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Mexico Mexico City Trip Report

5-day Mexico City report! Mid-level dining and street food

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5-day Mexico City report! Mid-level dining and street food

shipshape | Oct 26, 2016 11:15 AM

Here's our report from 5 days of mid-range dining and street food in Mexico City this October. The highs were so high! The lows were low!

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*THE BEST* Can't recommend these places enough!

RED TREE HOUSE
This was our B&B in La Condesa and we couldn't recommend it enough. We rarely partake in hotel breakfasts, but we looked forward every morning to the authentic home-cooked Mexican breakfasts (enchiladas, omelettes with huitlacoche, etc.) not to mention the best churros we've ever had.

NICO'S
From the outside, we couldn't even tell if we were in the right place or if the restaurant was open, but inside it was packed with locals for lunch. The guacamole and enmoladas (duck tortillas with a dark mole), and barbacoa rabbit were all delicious. My partner ordered a regular coffee, but they ended up doing a full "coffee service" for us for free instead, which involved a barista grinding the beans tableside, brewing it in a large urn, and serving it in a teapot. The show and flavor of the Mexican coffee were both terrific. Service was a bit pushy, but otherwise it was a great meal.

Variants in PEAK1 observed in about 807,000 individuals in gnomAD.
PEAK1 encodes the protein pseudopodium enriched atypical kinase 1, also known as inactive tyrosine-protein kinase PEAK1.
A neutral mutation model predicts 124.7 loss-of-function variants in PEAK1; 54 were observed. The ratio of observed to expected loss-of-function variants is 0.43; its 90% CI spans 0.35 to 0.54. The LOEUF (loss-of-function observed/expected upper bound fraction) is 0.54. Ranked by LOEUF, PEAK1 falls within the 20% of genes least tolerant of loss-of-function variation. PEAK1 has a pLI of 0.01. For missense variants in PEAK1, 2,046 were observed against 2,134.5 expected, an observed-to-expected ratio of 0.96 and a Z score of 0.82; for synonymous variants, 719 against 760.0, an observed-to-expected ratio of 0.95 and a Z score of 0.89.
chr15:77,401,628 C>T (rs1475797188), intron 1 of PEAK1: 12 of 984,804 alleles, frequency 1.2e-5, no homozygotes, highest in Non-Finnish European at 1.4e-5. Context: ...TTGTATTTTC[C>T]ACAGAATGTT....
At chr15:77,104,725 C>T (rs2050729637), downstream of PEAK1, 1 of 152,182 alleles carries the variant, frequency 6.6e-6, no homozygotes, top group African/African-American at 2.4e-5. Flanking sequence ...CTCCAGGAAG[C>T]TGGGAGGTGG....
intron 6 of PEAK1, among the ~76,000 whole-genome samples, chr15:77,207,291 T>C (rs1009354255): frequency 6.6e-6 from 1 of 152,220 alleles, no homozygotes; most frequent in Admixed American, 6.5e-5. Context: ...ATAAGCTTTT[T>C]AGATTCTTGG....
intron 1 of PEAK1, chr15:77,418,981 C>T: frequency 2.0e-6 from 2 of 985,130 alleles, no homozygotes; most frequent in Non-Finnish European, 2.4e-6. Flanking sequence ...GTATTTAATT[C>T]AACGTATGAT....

Q'KEKAS (in Mercado de Coyoacan)
A quesadilla and gordita stall on the outside of Mercado de Coyoacan. We hadn't heard of this place, but it was so packed we had to try it. We got a quesadilla (which they called a "keka") with chicken tinga and a gordita with chicken. Both were so delicious. Our only regret was that we weren't more hungry.

STALLS AT LA MERCED
We ate at two terrific stalls at La Merced. The first, between doors 11 and 12 along the outside wall of the market, had with a long counter and a big sign on the wall with a cow that called [something] Pancitas. Everyone was eating the caldo de gallina (hen soup?). It was so simple and delicious: a bowl of clean, clear chicken broth with a stewed chicken leg that you dressed yourself with salsa, cilantro, and raw onions.

The second stall was right at door 11 and had a tiny al pastor spit. We got two tacos all pastor with pineapple, and for 40¢ each these were our favorite tacos of the entire trip. The "gringa" style (with cheese on a larger flour tortilla) seemed to be super popular with the locals.

LA DOCENA
Bustling seafood restaurant with a nightlife-ish vibe for dinner. Our favorites were the the grilled artichokes and octopus tostadas; the shrimp aguachile, Peruvian ceviche, and Clamato michelada were also great.

CONTRAMAR